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Paying to Avoid Pain

Jonathan Clements

IN RECENT YEARS, I’ve confronted a choice: I could fund my solo Roth 401(k)—or I could use the dollars to cover the tax bill on a large Roth conversion. I wish I could do both. But after using my earned income to pay living expenses and make financial gifts, I don’t have the necessary cash.

My choice: Go for the big Roth conversion.

Why? In part, it’s because I’m focused on shrinking my traditional IRA before I turn age 75 and have to start taking required minimum distributions (RMDs), which could push me into a much higher federal income-tax bracket. I’m especially focused on doing so in 2024 and 2025.

In early 2026, I’ll turn age 63, which means thereafter any Roth conversions have the potential to trigger the Medicare premium surcharge known as IRMAA, or income-related monthly adjustment amount, which is based on your income from two years earlier. On top of that, it’s possible federal income-tax rates will climb in 2026, assuming the individual tax cuts included in 2017’s Tax Cuts and Jobs Act are allowed to sunset.

But there’s an added reason to favor Roth conversions over contributing to my solo Roth 401(k). Suppose I have $24,000 in spare cash. I could stash that $24,000 in my solo Roth 401(k), which is appealing.

But it isn’t as appealing as using the $24,000 to cover the federal income-tax bill on a $100,000 Roth conversion. This assumes I’m in the 24% federal income-tax bracket. In other words, a Roth conversion gives me more bang for my buck, allowing me to get a bigger chunk of money growing tax-free, plus it means smaller tax bills down the road because it shrinks my traditional IRA.

My plan is to leave my Roth accounts to my two children. One is likely to be in at least as high a tax bracket as me, so it makes sense for me to pay my IRA’s tax bill instead. In fact, I may tweak the beneficiaries on my Roth and traditional IRAs, leaving more of my traditional IRA to the child in the lower tax bracket.

There’s also some possibility that I’ll tap my Roth accounts for my own use—if, for instance, I have a year with surprisingly high expenses and pulling yet more money from my traditional IRA would push me into a much higher tax bracket. On the other hand, from a tax perspective, my traditional IRA could also come in handy, notably for charitable giving and if I have a year with high deductible medical costs that I could offset against a traditional IRA withdrawal.

What if—unlike me—you’re fully retired and don’t have any earned income, and hence you don’t face the choice of either funding a Roth or converting part of your traditional IRA to a Roth? If you have taxable-account money to cover the conversion tax bill, it may still be worth making a big conversion.

Before you go ahead, there’s all manner of considerations, including the rate at which the conversion will be taxed, your projected tax bracket once you begin RMDs, and the potential impact on your IRMAA premium surcharges and on the taxation of your Social Security benefit. If you intend to bequeath your Roth accounts, you might also ponder your tax rate compared to that of your beneficiaries. In addition, you should consider whether you can pay the conversion tax bill without triggering additional taxes because, say, you’d have to sell highly appreciated stock to generate the cash needed to cover estimated taxes.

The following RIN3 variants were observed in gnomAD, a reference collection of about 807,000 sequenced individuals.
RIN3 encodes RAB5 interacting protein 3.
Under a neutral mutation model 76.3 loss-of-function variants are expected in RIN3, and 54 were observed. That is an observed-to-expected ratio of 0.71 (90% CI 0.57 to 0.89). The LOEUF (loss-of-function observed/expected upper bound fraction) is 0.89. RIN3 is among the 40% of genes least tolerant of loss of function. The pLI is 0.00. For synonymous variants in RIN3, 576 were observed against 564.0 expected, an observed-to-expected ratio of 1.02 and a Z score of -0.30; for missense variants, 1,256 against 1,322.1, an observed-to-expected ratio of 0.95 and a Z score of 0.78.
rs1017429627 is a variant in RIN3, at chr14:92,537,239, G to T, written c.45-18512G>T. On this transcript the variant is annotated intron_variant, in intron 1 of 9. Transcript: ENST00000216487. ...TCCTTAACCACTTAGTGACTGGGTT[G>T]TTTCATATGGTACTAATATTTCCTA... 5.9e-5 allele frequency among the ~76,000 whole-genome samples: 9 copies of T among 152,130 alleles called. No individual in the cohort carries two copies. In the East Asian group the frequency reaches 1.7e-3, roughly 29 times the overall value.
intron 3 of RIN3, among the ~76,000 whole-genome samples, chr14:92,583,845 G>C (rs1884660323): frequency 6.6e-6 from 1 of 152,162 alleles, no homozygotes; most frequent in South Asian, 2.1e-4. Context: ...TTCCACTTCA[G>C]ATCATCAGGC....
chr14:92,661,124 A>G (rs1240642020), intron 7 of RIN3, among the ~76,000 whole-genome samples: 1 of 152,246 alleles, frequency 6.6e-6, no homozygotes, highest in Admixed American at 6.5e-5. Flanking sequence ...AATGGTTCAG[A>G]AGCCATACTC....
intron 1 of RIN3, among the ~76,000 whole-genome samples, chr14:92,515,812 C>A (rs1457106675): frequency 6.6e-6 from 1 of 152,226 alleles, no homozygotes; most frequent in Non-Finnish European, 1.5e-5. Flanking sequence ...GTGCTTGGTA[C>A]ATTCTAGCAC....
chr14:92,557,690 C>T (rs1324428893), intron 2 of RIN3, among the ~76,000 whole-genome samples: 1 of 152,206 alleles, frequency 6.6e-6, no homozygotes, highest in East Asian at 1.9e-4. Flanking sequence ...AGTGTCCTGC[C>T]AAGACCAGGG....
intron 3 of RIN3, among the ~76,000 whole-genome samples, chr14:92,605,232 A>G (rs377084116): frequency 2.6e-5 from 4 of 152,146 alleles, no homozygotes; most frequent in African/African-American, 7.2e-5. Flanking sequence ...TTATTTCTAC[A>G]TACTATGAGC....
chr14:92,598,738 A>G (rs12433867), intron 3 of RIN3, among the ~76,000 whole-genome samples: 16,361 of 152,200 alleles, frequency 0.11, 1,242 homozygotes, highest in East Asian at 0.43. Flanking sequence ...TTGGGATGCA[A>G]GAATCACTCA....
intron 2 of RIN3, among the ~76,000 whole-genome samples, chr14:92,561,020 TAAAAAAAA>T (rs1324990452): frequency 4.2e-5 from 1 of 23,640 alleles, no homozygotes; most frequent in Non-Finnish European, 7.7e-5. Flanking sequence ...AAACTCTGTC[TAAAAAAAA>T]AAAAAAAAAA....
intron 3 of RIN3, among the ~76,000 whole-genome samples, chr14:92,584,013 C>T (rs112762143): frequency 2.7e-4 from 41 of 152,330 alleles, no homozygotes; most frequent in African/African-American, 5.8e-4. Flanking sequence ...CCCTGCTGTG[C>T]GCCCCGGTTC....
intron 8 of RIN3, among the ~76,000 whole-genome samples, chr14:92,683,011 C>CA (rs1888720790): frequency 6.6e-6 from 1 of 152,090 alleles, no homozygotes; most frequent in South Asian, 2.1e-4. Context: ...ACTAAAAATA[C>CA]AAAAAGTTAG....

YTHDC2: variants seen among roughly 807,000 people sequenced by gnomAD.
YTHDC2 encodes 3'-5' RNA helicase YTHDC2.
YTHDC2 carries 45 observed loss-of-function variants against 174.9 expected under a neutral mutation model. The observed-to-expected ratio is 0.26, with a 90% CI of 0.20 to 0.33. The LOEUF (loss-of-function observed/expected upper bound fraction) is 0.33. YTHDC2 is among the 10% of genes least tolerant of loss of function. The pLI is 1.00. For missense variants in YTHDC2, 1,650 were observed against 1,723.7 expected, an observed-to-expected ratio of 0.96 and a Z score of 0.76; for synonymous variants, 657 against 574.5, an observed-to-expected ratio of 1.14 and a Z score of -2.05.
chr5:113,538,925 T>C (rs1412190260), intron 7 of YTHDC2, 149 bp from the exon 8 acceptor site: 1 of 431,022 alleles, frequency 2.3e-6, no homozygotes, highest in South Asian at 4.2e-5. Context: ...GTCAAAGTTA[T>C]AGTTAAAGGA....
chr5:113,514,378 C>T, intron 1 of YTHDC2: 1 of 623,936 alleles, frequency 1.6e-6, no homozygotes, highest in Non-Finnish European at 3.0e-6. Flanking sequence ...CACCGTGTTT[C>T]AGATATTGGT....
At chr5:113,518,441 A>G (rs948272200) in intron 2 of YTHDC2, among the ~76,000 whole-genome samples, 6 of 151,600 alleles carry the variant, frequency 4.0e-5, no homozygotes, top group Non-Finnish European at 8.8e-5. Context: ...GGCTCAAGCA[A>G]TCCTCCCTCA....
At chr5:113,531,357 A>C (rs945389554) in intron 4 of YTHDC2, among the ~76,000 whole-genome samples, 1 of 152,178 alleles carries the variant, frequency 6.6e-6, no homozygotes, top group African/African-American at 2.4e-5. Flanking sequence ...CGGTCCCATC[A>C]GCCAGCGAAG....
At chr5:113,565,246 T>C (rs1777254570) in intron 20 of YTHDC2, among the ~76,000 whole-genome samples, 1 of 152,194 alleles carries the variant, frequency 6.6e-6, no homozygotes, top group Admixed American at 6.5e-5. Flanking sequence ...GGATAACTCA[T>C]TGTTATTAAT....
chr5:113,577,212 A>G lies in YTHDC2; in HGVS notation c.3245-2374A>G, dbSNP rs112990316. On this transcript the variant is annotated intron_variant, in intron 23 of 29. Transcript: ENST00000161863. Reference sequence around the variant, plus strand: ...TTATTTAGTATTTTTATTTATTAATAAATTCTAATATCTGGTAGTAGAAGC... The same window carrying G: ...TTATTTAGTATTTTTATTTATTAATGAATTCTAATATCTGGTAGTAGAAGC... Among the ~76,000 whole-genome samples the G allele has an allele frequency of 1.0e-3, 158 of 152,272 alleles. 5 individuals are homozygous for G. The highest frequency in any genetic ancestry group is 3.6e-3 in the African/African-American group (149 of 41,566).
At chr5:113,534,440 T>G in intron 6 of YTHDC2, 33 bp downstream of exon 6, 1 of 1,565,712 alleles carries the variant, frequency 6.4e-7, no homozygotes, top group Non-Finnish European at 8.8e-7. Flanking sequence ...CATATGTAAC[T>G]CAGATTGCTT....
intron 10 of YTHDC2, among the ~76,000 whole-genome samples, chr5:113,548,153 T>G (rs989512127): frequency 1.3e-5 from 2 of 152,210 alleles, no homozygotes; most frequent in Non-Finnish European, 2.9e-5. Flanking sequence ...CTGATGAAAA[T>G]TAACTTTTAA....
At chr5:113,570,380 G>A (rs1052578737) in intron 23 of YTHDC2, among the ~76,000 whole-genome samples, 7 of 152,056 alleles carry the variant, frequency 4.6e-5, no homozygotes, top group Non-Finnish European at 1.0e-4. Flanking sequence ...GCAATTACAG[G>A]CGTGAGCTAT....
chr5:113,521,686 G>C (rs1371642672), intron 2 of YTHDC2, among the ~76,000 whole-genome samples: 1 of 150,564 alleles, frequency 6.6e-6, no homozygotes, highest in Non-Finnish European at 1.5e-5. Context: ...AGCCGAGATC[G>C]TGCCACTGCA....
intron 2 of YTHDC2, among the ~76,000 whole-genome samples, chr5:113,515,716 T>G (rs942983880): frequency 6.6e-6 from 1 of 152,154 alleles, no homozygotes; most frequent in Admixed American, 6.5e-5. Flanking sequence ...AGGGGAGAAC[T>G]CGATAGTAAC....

But as with my annual choice, keep in mind the leverage involved—that every $1,000 in extra income taxes paid will allow you to get many multiples of that sum shifted out of your traditional IRA and into a Roth, where it’ll then grow tax-free. Moreover, this maneuver has a little-appreciated advantage: By using taxable-account money to cover the tax bill on a Roth conversion, you thereafter avoid the tax bill on that taxable-account money.

Suppose you have $10,000 in a high-yield savings account that’s earning 5% in annual interest, or $500 a year. If you use that $10,000 to pay the conversion tax bill, not only will you move a big chunk of money into a tax-free account, but also you’ll no longer have that $500 a year in taxable interest.

Indeed, by using that $10,000 to pay the tax bill on a Roth conversion, it’s like you’re shifting the $10,000 into your Roth, where it will then grow tax-free. The tax savings from shrinking your taxable account is the reason it’s worth undertaking Roth conversions, even if you think your tax bracket in future will be similar to what it is today.

For those with greater wealth, there’s an added incentive to “prepay” the income taxes owed on their traditional retirement accounts: The net result is to reduce the size of your taxable estate. That could mean not only a smaller federal estate-tax bill—not a problem for the vast majority of families—but also less in state inheritance and estate taxes, which are an issue in a third of states, including where I live.

Jonathan Clements is the founder and editor of HumbleDollar. Follow him on X @ClementsMoney, on Facebook and on Threads, and check out his earlier articles.

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